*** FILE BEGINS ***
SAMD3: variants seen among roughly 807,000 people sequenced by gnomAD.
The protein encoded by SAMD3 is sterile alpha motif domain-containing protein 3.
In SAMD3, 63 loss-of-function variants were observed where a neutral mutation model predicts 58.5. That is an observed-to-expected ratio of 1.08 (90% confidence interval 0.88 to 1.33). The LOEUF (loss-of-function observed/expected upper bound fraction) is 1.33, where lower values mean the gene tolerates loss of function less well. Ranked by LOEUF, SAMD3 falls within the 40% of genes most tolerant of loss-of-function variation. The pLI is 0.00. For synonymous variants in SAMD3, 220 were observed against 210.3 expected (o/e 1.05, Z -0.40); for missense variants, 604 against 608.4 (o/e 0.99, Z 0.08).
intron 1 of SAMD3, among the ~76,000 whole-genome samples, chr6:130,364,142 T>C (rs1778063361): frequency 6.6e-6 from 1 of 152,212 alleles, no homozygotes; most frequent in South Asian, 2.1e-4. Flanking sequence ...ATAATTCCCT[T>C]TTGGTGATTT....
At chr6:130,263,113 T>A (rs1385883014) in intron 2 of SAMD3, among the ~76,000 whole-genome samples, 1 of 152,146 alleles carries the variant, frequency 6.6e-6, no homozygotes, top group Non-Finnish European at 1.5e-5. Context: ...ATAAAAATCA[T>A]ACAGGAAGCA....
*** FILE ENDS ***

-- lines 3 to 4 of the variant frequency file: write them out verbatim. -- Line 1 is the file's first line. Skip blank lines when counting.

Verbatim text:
In SAMD3, 63 loss-of-function variants were observed where a neutral mutation model predicts 58.5. That is an observed-to-expected ratio of 1.08 (90% confidence interval 0.88 to 1.33). The LOEUF (loss-of-function observed/expected upper bound fraction) is 1.33, where lower values mean the gene tolerates loss of function less well. Ranked by LOEUF, SAMD3 falls within the 40% of genes most tolerant of loss-of-function variation. The pLI is 0.00. For synonymous variants in SAMD3, 220 were observed against 210.3 expected (o/e 1.05, Z -0.40); for missense variants, 604 against 608.4 (o/e 0.99, Z 0.08).
intron 1 of SAMD3, among the ~76,000 whole-genome samples, chr6:130,364,142 T>C (rs1778063361): frequency 6.6e-6 from 1 of 152,212 alleles, no homozygotes; most frequent in South Asian, 2.1e-4. Flanking sequence ...ATAATTCCCT[T>C]TTGGTGATTT....